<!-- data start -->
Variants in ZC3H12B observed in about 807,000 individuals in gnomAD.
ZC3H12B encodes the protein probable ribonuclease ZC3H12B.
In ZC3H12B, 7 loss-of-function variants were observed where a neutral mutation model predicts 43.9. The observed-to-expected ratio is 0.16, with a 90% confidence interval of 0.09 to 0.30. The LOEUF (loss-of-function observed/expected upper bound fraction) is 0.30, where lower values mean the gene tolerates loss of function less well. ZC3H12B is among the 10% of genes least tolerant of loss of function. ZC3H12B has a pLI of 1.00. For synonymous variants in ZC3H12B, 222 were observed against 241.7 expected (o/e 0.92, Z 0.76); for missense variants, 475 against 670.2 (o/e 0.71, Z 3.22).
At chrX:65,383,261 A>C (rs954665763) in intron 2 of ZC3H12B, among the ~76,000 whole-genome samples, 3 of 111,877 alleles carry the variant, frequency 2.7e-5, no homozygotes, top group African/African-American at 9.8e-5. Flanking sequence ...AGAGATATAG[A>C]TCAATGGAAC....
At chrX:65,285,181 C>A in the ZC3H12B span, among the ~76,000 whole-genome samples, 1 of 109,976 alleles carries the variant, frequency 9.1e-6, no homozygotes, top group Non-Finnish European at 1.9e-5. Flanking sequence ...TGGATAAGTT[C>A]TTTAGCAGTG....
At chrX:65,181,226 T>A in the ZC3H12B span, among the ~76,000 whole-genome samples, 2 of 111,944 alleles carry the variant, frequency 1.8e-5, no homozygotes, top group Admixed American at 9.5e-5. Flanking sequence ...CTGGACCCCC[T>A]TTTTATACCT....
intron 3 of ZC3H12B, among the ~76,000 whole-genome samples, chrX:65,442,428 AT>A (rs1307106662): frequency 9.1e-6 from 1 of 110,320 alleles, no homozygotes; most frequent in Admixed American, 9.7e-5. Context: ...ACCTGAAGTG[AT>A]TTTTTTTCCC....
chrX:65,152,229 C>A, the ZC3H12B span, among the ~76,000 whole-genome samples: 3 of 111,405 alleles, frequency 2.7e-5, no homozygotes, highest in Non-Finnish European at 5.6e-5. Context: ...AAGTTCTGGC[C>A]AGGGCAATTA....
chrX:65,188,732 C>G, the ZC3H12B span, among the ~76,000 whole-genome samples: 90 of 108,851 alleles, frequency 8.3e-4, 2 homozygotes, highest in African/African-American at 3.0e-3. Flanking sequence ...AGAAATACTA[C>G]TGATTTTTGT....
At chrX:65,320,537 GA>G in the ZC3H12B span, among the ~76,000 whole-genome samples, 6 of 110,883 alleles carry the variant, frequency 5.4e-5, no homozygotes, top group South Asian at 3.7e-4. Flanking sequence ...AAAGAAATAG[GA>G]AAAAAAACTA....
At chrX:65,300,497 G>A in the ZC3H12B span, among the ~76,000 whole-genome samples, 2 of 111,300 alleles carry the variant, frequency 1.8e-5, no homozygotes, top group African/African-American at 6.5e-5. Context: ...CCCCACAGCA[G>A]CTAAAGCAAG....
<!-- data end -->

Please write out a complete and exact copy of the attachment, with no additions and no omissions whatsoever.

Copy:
Variants in ZC3H12B observed in about 807,000 individuals in gnomAD.
ZC3H12B encodes the protein probable ribonuclease ZC3H12B.
In ZC3H12B, 7 loss-of-function variants were observed where a neutral mutation model predicts 43.9. The observed-to-expected ratio is 0.16, with a 90% confidence interval of 0.09 to 0.30. The LOEUF (loss-of-function observed/expected upper bound fraction) is 0.30, where lower values mean the gene tolerates loss of function less well. ZC3H12B is among the 10% of genes least tolerant of loss of function. ZC3H12B has a pLI of 1.00. For synonymous variants in ZC3H12B, 222 were observed against 241.7 expected (o/e 0.92, Z 0.76); for missense variants, 475 against 670.2 (o/e 0.71, Z 3.22).
At chrX:65,383,261 A>C (rs954665763) in intron 2 of ZC3H12B, among the ~76,000 whole-genome samples, 3 of 111,877 alleles carry the variant, frequency 2.7e-5, no homozygotes, top group African/African-American at 9.8e-5. Flanking sequence ...AGAGATATAG[A>C]TCAATGGAAC....
At chrX:65,285,181 C>A in the ZC3H12B span, among the ~76,000 whole-genome samples, 1 of 109,976 alleles carries the variant, frequency 9.1e-6, no homozygotes, top group Non-Finnish European at 1.9e-5. Flanking sequence ...TGGATAAGTT[C>A]TTTAGCAGTG....
At chrX:65,181,226 T>A in the ZC3H12B span, among the ~76,000 whole-genome samples, 2 of 111,944 alleles carry the variant, frequency 1.8e-5, no homozygotes, top group Admixed American at 9.5e-5. Flanking sequence ...CTGGACCCCC[T>A]TTTTATACCT....
intron 3 of ZC3H12B, among the ~76,000 whole-genome samples, chrX:65,442,428 AT>A (rs1307106662): frequency 9.1e-6 from 1 of 110,320 alleles, no homozygotes; most frequent in Admixed American, 9.7e-5. Context: ...ACCTGAAGTG[AT>A]TTTTTTTCCC....
chrX:65,152,229 C>A, the ZC3H12B span, among the ~76,000 whole-genome samples: 3 of 111,405 alleles, frequency 2.7e-5, no homozygotes, highest in Non-Finnish European at 5.6e-5. Context: ...AAGTTCTGGC[C>A]AGGGCAATTA....
chrX:65,188,732 C>G, the ZC3H12B span, among the ~76,000 whole-genome samples: 90 of 108,851 alleles, frequency 8.3e-4, 2 homozygotes, highest in African/African-American at 3.0e-3. Flanking sequence ...AGAAATACTA[C>G]TGATTTTTGT....
At chrX:65,320,537 GA>G in the ZC3H12B span, among the ~76,000 whole-genome samples, 6 of 110,883 alleles carry the variant, frequency 5.4e-5, no homozygotes, top group South Asian at 3.7e-4. Flanking sequence ...AAAGAAATAG[GA>G]AAAAAAACTA....
At chrX:65,300,497 G>A in the ZC3H12B span, among the ~76,000 whole-genome samples, 2 of 111,300 alleles carry the variant, frequency 1.8e-5, no homozygotes, top group African/African-American at 6.5e-5. Context: ...CCCCACAGCA[G>A]CTAAAGCAAG....